If you’ve been reading articles about financial strategies to consider in a down market, you’ve probably come across advice on Roth conversions. However, just because a strategy works in a down market, doesn’t mean it’s always best for your situation. Here are some key points to consider before you decide to fight the bear-market blues with a Roth IRA conversion.
What is a Roth Conversion?
A Roth conversion is the direct transfer of assets from a Traditional IRA or 401(k) to a Roth IRA. The fair market value of the assets transferred, less any basis, is subject to ordinary income tax in the year of conversion. Once the assets are in the Roth IRA, they are no longer subject to income tax.
Why is a Down Market a Good Time for a Roth Conversion?
The Lower the Fair Market Value, the Less Tax You Pay
Since tax is assessed on the fair market value of the assets transferred, you can transfer the same number of shares, albeit at a lower value, and pay less tax. This can be a great savings tactic if you feel the transferred assets were fairly valued before the drop in value and are now undervalued.
Converting $100,000 worth of stock back in January that is now worth $80,000 would save you $7,400 in taxes to convert the same number of shares. While you are still subject to a marginal tax rate of 37%, you only pay an “effective” tax rate of 29.6% on what you feel is the fair value of that asset ($100,000).
The chart below illustrates these savings at various market decline levels.
Future Appreciation Occurs in a Tax-Free Vehicle
Once assets are converted to a Roth IRA, all future appreciation is tax free. As asset classes decline in value, which they have so far this year, expected future returns of those asset classes increase. A future return expectation of 6% back in January could be adjusted to 7-8% to account for the decline in value so far this year. That projected increased appreciation will now take place in a tax-free vehicle.
Of course, mentioning market returns requires a word of caution. We do not advocate trying to perfectly time your Roth conversions with market declines. To avoid trying to time the market bottom, you could consider converting over a fixed period of time (e.g. monthly, quarterly) and tweaking those fixed conversions depending on market conditions.
Is a Roth Conversion Right for Me?
Just because a drop in market value makes it a good opportunity to convert Traditional IRA or 401(k) assets to a Roth IRA, it does not mean it’s the right strategy for everybody. Ask yourself the following questions before pursuing this strategy.
1. Do You Have the Money to Pay the Conversion Tax?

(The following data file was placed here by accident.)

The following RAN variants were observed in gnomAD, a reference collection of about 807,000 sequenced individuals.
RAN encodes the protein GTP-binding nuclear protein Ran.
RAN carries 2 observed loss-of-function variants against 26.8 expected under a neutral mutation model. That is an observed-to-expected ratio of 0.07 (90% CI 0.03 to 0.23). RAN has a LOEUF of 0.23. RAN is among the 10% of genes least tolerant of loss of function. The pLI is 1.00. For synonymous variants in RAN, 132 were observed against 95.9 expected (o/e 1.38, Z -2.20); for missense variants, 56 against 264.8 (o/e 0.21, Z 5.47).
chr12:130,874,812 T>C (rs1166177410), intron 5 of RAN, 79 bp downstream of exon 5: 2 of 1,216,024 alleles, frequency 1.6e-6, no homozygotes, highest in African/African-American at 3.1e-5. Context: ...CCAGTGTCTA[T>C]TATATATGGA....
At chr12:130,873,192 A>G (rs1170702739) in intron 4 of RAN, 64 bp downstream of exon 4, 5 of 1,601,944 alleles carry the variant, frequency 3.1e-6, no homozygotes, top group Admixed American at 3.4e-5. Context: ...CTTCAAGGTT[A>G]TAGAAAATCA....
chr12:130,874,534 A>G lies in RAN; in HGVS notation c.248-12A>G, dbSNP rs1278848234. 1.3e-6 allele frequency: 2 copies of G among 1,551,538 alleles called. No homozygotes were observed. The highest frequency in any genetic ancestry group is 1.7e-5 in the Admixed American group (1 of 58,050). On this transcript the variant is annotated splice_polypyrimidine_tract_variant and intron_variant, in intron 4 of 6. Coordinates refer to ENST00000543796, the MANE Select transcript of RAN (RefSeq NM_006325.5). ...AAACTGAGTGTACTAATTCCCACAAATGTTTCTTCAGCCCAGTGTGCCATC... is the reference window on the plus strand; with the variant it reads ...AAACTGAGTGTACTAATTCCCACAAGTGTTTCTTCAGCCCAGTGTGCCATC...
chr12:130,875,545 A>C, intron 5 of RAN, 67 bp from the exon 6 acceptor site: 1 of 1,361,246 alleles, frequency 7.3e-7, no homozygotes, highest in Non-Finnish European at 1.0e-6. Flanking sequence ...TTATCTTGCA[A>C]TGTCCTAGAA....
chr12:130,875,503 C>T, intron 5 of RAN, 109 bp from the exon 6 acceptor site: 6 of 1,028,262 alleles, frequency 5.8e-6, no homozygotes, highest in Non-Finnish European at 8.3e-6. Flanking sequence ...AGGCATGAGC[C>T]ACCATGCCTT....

Every pre-tax dollar converted to a Roth IRA is subject to income tax in the year of conversion. To preserve the assets within your accounts, consider paying this tax with cash or assets held outside of your retirement accounts.
2. Do You Have a Long Time Horizon to Let the Funds Appreciate Tax-Free?
In short, the longer your time horizon, the bigger the benefit of a Roth Conversion, because it allows for longer, tax-free growth. The tax paid up front is the short-term pain for the long-term gain of future tax-free appreciation.
3. Are You Currently in a Low to Mid Tax Bracket?
If this is a year where you expect to be in a lower tax bracket, or you expect to be in a lower tax bracket soon, those years are good opportunities to consider a Roth Conversion. Recent retirees who are no longer earning income but are not yet taking social security or required minimum distributions from their retirement plans are a good example.
4. Would You Like to Leave an Income Tax-Free Inheritance to Your Kids?
Roth IRA assets, while still subject to the Federal Estate Tax and/or state estate or inheritance taxes, retain their income tax-free nature in the hands of the beneficiary, so any distributions to them remain tax free. On the other hand, distributions from Traditional IRAs are taxable to beneficiaries the same way they’d be taxable to you.
5. Do You Want to Diversify Your Future Tax Exposure?
There are three broad tax categories for investment accounts: Taxable (e.g. brokerage account), Tax-Deferred (e.g. Traditional IRA), and Tax Free (e.g. Roth IRA). Like the stock market, we can’t predict future tax policy with any certainty. One way to hedge that uncertainty is to diversify your holdings among the three tax categories just like you’d diversify your investment holdings among asset classes. Adding some eggs via a Roth Conversion to your tax-free basket can be a good way to do that.
 You acquire basis in your Traditional IRA or 401(k) by making after-tax contributions. Basis is allocated on a pro-rata basis to the assets converted.